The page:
While 18 U.S.C. §247 is titled the “Church Arson Prevention Act of 1996,” the statute goes further than that. It criminalizes a wide range of destructive activity committed against religious real estate because of religious, racial, or ethnic characteristics that are connected to that property and covers defacement, damage, or destruction of the property, whether by fire or otherwise. Section 247 also punishes efforts, whether successful or not, to obstruct anyone in the free exercise of their religious beliefs.
Punishments range from a fine and up to one year in prison to up to twenty years in prison if a dangerous weapon, fire, or an explosive is used, to up to forty years in prison if fire or explosive is used and anyone is injured as a result, to life in prison or execution if death results or if there is an attempted or actual kidnapping, serious sexual abuse, or an attempt to kill.
Attempts to Restrict Access to Reproductive Health Clinics or to Prevent Someone from Exercising their Right to Worship
Whether by use of force or the threat of force or by physically obstructing access, 18 U.S.C. §248 criminalizes attempts to prevent anyone from obtaining or providing reproductive health services and attempts to prevent anyone from practicing their religion. If the efforts are nonviolent, punishment is limited to a fine of up to $10,000 and up to six months in prison for a first offense and up to $25,000 and up to 18 months in prison for subsequent offenses. If injury results from the prohibited activity, the penalty increases to up to ten years in prison, and if death results, the court can impose a life sentence.
Interfering With the Right to Fair Housing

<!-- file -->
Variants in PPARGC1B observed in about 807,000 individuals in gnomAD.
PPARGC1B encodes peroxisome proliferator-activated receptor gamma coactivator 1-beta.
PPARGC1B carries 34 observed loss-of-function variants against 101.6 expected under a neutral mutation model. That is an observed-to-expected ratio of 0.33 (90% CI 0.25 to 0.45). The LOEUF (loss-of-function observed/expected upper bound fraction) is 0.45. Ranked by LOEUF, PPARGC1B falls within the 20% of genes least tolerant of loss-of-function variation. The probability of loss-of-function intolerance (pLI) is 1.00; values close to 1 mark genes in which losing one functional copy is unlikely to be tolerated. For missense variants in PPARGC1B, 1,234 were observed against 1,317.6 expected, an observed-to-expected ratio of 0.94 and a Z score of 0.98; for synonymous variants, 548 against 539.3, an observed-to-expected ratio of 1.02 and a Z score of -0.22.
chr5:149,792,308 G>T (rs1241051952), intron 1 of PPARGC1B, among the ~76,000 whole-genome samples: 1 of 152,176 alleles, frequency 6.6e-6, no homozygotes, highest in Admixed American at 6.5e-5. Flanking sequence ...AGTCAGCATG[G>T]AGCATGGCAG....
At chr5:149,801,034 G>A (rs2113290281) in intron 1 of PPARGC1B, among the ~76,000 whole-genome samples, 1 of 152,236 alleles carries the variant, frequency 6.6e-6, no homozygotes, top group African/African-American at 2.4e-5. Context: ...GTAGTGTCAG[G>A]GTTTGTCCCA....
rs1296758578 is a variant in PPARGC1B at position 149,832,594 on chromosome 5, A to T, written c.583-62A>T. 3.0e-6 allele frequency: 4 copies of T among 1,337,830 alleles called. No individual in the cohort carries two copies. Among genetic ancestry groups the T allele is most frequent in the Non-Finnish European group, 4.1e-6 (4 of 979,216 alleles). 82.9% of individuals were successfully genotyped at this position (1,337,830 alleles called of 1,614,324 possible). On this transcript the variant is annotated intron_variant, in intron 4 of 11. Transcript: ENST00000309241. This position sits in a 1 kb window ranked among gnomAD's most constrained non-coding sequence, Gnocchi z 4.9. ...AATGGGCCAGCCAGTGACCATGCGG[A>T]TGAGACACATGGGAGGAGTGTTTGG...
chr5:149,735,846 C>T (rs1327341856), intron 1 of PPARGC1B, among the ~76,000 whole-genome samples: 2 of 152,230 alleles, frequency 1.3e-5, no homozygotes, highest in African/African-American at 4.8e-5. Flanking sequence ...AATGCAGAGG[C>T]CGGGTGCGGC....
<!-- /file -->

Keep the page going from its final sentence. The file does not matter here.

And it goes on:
Anyone who uses force or threats of force to intimidate or interfere with anyone else's right to buy, sell, or rent any dwelling because of their race, color, religion, sex, disability, family status, or national origin violates 42 U.S.C. §3631. The statute also prohibits the use of force or threats of force against anyone who assists someone else in exercising their right to housing. It imposes a fine of up to $1000 and a prison term of up to one year or a fine of up to $10,000 and up to ten years in prison if injury results from the prohibited actions. If death results, as with other statutes, the prison sentence can be for life.
If Charged With a Civil Rights Crime, You Need the Help of an Experienced Attorney
The federal government has made it clear for well over a hundred years that one of its most important functions is to protect the civil rights of citizens and others living within the United States. If you have been charged with violating any federal civil rights law, it's a serious matter that could result in heavy fines and long prison sentences. You need the help of an experienced criminal law attorney who knows this area of law and can help you protect your own civil rights. Joseph D. Lento has the knowledge and the background to help you understand the charges against you. He has helped many other satisfied clients who faced difficult legal situations, and he and the Lento Law Firm will work with you to provide you with the strongest defense possible. Contact Joseph D. Lento today at 888.535.3686 or reach out online through the Lento Law Firm contact form.